wcmgr [ option ... ] cache-file
wcmgr is a utility program which allows manipulation of the DNS cache files used and produced by The Webalizer. Each record in the cache file contains an IP address (either IPv4 or IPv6), a timestamp of when the entry was added to the cache, a flag to indicate if the record contains a resolved name or not, and either the same IP address or a resolved host name. All records are accessed by their IP address.
wcmgr was designed to be run from the Unix shell command line. This facilitates its use in shell scripts and other automated processes. A valid DNS cache file must be specified. Command line options are optional, and if none are given, the default action is to list the contents of the specified cache file.
Command Line Options
Different functions are selected by using one or more of the following command line options. If no options are given, the default is to display the contents of the cache file to the screen (stdout).
Display all available command line options and exit.
Display the program version and exit. Additional program specific information will be displayed if verbose mode is also used (e.g. '-vV'), which can be useful when submitting bug reports.
- -a address [-n hostname] [-t0]
Add a new record to the cache file. The IP address will be added to the cache file using the current time as the timestamp and with a resolved name hostname. If -t0 is specified, the record will be considered permanent, and will not be removed (during a purge) or expired. If a hostname is not specified with the -n option, then the address will be used instead, and the record will be flagged as unresolved.
Create a new cache file. If used alone, this option will create a new, empty cache file. If used with the import option, a new cache file will be created before importing the data. An error will occur if the file cache-file already exists.
- -d address
Delete a record from the cache file using the specified address.
- -f address
Find and display information for address from the cache file. A single line similar to that produced by the -l option will be displayed unless verbose mode is enabled, in which case a more detailed listing will be produced.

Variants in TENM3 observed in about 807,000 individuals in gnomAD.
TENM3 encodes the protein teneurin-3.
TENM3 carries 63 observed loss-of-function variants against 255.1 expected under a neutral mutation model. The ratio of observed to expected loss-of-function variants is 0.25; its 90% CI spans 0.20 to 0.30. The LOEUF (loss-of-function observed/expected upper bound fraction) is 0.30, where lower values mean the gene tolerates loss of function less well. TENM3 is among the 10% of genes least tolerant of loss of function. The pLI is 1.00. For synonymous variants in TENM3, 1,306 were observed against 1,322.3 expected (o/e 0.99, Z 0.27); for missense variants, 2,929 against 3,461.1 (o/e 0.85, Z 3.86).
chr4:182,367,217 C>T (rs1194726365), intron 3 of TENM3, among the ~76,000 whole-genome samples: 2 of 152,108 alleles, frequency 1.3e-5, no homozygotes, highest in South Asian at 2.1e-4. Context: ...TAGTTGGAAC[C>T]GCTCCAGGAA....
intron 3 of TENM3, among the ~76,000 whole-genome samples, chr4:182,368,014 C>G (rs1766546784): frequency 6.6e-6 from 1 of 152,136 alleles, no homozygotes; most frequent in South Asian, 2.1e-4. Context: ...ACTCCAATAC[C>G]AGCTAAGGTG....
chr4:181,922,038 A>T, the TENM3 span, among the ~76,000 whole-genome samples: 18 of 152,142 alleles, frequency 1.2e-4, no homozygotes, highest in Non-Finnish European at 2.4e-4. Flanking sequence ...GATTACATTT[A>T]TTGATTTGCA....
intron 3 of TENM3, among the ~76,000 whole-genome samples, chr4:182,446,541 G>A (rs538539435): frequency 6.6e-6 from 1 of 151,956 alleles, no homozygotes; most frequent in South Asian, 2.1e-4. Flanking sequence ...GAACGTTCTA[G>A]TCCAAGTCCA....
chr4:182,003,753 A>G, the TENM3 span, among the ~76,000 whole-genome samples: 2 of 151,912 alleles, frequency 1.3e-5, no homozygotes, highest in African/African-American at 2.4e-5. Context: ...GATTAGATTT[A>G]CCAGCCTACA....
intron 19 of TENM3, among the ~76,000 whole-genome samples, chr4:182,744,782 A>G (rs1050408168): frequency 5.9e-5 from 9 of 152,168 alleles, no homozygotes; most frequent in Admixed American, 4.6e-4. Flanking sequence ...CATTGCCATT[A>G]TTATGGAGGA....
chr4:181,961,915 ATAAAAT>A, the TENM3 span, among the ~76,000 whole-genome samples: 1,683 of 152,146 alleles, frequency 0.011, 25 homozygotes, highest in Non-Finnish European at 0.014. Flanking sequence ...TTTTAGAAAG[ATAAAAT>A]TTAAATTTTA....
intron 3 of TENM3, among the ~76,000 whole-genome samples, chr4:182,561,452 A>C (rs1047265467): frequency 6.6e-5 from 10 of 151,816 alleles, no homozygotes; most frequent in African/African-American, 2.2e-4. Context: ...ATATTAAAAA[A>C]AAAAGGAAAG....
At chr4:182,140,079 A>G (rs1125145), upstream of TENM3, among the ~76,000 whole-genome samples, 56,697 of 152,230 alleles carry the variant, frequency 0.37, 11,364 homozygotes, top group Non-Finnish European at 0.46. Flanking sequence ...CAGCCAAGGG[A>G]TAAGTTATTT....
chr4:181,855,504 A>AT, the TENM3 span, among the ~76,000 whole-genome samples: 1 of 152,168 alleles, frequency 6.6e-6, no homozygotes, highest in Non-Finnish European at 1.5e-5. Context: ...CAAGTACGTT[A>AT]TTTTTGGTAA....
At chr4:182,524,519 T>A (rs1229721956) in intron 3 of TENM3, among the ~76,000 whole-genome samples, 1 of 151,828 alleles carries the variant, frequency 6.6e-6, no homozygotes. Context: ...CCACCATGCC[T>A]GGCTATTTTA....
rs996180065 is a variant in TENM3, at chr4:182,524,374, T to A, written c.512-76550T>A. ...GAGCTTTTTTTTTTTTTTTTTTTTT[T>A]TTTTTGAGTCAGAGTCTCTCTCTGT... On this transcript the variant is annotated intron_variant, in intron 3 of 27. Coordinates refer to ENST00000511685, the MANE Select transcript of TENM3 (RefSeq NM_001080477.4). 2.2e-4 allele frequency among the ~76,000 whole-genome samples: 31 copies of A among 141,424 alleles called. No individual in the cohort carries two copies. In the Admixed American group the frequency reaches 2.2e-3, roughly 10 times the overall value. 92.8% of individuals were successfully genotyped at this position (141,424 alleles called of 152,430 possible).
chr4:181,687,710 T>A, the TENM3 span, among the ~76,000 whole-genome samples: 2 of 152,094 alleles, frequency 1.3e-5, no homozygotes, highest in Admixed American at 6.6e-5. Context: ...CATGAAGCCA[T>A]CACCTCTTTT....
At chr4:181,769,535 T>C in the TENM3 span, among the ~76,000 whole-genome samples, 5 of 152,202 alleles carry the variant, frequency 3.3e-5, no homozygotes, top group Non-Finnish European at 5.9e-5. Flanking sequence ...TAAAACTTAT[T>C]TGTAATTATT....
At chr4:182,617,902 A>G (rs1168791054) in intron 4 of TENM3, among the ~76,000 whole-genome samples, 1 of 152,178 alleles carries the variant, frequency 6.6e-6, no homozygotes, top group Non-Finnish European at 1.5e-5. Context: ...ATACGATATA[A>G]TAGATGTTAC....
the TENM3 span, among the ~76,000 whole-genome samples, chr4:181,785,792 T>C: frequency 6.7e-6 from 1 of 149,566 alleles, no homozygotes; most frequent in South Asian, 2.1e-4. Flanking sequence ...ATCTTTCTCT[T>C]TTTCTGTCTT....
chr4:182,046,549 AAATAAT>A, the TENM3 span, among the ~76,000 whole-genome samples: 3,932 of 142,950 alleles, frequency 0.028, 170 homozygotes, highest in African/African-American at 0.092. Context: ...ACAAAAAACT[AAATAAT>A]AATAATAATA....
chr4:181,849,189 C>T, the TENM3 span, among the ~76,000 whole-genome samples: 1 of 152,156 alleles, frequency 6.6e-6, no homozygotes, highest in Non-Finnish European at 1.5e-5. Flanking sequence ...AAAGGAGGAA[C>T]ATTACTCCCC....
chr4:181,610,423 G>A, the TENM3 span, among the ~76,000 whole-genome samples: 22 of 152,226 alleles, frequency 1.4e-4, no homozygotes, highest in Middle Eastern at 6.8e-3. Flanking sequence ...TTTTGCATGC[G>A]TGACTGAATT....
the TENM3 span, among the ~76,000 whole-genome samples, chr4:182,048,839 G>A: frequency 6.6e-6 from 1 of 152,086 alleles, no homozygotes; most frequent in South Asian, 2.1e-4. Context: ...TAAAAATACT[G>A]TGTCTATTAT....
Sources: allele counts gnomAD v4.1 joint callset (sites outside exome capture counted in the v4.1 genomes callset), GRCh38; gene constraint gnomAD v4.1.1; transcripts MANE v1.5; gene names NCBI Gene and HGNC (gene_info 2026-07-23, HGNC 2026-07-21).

- -i name [-c]
Import data into the cache file from the file name. The import file must be a valid tab delimited text file, such as that created by the export option. If the imported data contains records already present in the cache file, those records will be overwritten by the imported data. The cache file must exist unless the -c option is specified, in which case, a new cache file will be created for the imported data.
List the contents of the cache file. This is the default action of the program, so does not necessarily need to be specified. If verbose mode is enabled, a report title, column headers and summary totals will also be displayed.
- -p num
Purge the cache file of entries older than num days. If num is not specified, then a default of 7 days will be used. if verbose mode is enabled, each purged record will be printed and the total number of purged records will be displayed.
- -s [-t num]
Display cache file information/statistics. If a TTL value (in days) is specified using the -t option, it will be used to calculate how many records are older than num days, otherwise, the default value of 7 days will be used.
- -n name
Specify the name to use as the resolved hostname when adding records to the cache.
- -t num
Time to live (TTL) value. If used along with the -p (purge) option, it specifies how many days a record will remain valid. Any record that is older than num days is considered expired and will be purged. If used with the -a (add) option, a zero value will cause the record to be considered permanent.
- -x name
Export data from a cache file to a tab delimited text file named name. If the text file name exists, it will be overwritten.
Please report bugs to the author.
Copyright (C) 1997-2013 by Bradford L. Barrett. Distributed under the GNU GPL. See the files "COPYING" and "Copyright", supplied with all distributions for additional information.
Bradford L. Barrett <brad at mrunix dot net>